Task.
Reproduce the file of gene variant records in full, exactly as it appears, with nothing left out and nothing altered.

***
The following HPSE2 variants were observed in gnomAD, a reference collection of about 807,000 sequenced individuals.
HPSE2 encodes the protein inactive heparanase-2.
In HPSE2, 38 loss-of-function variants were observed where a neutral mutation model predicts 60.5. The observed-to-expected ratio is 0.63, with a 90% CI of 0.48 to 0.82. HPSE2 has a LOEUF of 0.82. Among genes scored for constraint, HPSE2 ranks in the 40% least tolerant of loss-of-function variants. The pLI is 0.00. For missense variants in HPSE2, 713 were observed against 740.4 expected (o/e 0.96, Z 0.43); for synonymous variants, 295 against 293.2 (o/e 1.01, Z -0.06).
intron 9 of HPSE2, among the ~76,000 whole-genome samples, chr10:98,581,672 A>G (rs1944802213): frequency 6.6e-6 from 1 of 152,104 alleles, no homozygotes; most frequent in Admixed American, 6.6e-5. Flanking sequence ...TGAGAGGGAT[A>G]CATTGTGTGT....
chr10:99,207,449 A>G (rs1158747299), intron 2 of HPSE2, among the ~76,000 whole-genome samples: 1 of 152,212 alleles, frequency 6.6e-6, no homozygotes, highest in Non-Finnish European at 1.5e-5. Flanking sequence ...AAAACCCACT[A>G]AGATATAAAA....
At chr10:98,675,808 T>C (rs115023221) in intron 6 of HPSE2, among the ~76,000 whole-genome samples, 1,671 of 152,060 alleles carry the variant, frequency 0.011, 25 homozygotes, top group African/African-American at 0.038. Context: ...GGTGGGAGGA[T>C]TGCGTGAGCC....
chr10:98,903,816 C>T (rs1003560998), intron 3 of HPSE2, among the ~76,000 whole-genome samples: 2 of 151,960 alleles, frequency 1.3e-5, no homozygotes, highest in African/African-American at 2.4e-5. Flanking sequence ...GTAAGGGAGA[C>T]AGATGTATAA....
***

The following HPSE2 variants were observed in gnomAD, a reference collection of about 807,000 sequenced individuals.
HPSE2 encodes the protein inactive heparanase-2.
In HPSE2, 38 loss-of-function variants were observed where a neutral mutation model predicts 60.5. The observed-to-expected ratio is 0.63, with a 90% CI of 0.48 to 0.82. HPSE2 has a LOEUF of 0.82. Among genes scored for constraint, HPSE2 ranks in the 40% least tolerant of loss-of-function variants. The pLI is 0.00. For missense variants in HPSE2, 713 were observed against 740.4 expected (o/e 0.96, Z 0.43); for synonymous variants, 295 against 293.2 (o/e 1.01, Z -0.06).
intron 9 of HPSE2, among the ~76,000 whole-genome samples, chr10:98,581,672 A>G (rs1944802213): frequency 6.6e-6 from 1 of 152,104 alleles, no homozygotes; most frequent in Admixed American, 6.6e-5. Flanking sequence ...TGAGAGGGAT[A>G]CATTGTGTGT....
chr10:99,207,449 A>G (rs1158747299), intron 2 of HPSE2, among the ~76,000 whole-genome samples: 1 of 152,212 alleles, frequency 6.6e-6, no homozygotes, highest in Non-Finnish European at 1.5e-5. Flanking sequence ...AAAACCCACT[A>G]AGATATAAAA....
At chr10:98,675,808 T>C (rs115023221) in intron 6 of HPSE2, among the ~76,000 whole-genome samples, 1,671 of 152,060 alleles carry the variant, frequency 0.011, 25 homozygotes, top group African/African-American at 0.038. Context: ...GGTGGGAGGA[T>C]TGCGTGAGCC....
chr10:98,903,816 C>T (rs1003560998), intron 3 of HPSE2, among the ~76,000 whole-genome samples: 2 of 151,960 alleles, frequency 1.3e-5, no homozygotes, highest in African/African-American at 2.4e-5. Flanking sequence ...GTAAGGGAGA[C>T]AGATGTATAA....